The agreement between these two parties granted him to remain as a board member and to get paid by a special class of stock that will be called “Ray’s Shares” and that will pay a gigantic dividend to Dalio before anyone else in the firm gets paid.

In that context, let’s take a look at Bridgewater’s top holdings using the Uniform Accounting framework and see if the fund is well-positioned for the upcoming year amid the leadership change.

Economic productivity is massively misunderstood on Wall Street. This is reflected by the 130+ distortions in the Generally Accepted Accounting Principles (GAAP) that make as-reported results poor representations of real economic productivity.

These distortions include the poor capitalization of R&D, the use of goodwill and intangibles to inflate a company’s asset base, a poor understanding of one-off expense line items, as well as flawed acquisition accounting.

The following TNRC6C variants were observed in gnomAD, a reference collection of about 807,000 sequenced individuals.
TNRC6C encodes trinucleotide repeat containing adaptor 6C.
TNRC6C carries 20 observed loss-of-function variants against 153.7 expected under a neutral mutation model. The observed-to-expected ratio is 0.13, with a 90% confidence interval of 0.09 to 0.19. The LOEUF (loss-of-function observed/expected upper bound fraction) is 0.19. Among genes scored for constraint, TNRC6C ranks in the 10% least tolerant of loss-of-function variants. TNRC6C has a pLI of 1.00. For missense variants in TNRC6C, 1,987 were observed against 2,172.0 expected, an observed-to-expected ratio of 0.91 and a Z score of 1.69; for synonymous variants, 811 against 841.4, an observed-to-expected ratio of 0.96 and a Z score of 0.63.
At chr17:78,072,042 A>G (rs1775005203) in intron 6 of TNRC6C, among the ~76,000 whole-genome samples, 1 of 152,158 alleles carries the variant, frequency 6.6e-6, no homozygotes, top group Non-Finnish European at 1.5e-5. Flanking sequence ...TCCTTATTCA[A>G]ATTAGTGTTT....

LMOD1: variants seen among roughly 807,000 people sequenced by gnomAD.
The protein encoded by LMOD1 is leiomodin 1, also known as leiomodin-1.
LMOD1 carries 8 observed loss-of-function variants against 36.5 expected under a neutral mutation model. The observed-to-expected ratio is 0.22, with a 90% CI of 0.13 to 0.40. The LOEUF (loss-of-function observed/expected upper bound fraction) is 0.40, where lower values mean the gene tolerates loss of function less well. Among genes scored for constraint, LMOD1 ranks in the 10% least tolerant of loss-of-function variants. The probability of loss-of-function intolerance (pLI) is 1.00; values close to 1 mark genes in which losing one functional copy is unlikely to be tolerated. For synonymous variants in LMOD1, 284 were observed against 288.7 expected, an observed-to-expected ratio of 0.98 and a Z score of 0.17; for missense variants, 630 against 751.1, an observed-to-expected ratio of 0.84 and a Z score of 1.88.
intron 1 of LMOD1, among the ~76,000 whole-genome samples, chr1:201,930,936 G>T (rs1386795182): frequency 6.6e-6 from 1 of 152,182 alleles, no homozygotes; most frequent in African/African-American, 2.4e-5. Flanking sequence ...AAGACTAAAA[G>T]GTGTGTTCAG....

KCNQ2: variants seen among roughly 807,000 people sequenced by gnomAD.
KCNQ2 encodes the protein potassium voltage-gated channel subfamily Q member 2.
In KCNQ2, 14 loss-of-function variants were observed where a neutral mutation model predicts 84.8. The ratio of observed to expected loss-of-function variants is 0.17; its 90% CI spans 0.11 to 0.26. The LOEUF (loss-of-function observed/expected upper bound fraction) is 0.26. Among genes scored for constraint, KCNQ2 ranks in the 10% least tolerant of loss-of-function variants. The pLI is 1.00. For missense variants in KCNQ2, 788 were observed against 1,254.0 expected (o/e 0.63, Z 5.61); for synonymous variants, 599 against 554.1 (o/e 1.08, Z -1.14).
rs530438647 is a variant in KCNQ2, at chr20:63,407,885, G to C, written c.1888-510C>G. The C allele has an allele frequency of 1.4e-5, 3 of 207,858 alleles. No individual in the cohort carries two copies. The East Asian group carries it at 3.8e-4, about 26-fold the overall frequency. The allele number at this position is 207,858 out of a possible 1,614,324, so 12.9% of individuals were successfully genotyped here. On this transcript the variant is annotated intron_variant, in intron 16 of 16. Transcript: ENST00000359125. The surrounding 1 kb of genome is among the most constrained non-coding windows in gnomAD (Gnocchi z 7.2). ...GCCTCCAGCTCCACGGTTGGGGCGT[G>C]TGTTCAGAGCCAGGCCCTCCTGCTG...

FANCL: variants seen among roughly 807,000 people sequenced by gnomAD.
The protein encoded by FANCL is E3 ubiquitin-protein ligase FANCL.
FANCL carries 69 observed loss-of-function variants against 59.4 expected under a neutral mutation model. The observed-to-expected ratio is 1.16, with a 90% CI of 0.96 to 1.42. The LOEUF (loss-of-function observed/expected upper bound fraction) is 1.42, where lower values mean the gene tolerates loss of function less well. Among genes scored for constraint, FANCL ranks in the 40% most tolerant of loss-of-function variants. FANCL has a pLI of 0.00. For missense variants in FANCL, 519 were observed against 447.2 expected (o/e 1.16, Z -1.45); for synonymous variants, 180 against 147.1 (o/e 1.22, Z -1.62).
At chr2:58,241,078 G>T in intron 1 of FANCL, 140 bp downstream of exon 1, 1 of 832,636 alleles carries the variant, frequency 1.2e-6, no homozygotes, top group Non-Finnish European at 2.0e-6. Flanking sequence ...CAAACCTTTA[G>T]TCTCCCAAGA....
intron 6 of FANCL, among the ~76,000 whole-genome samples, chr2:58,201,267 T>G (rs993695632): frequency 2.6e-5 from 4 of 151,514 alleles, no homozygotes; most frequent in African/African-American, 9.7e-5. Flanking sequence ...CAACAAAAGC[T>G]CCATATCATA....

It’s no surprise that once many of these distortions are accounted for, it becomes apparent which companies are in real robust profitability and which may not be as strong of an investment.

See for yourself below.

Looking at as-reported accounting numbers, investors would think that investing in Bridgewater Associates is not really rewarding.

On an as-reported basis, many of the companies in the fund are poor performers. The average as-reported ROA for the top 15 holdings of the fund is 9%, which is below the U.S. corporate average of 12%.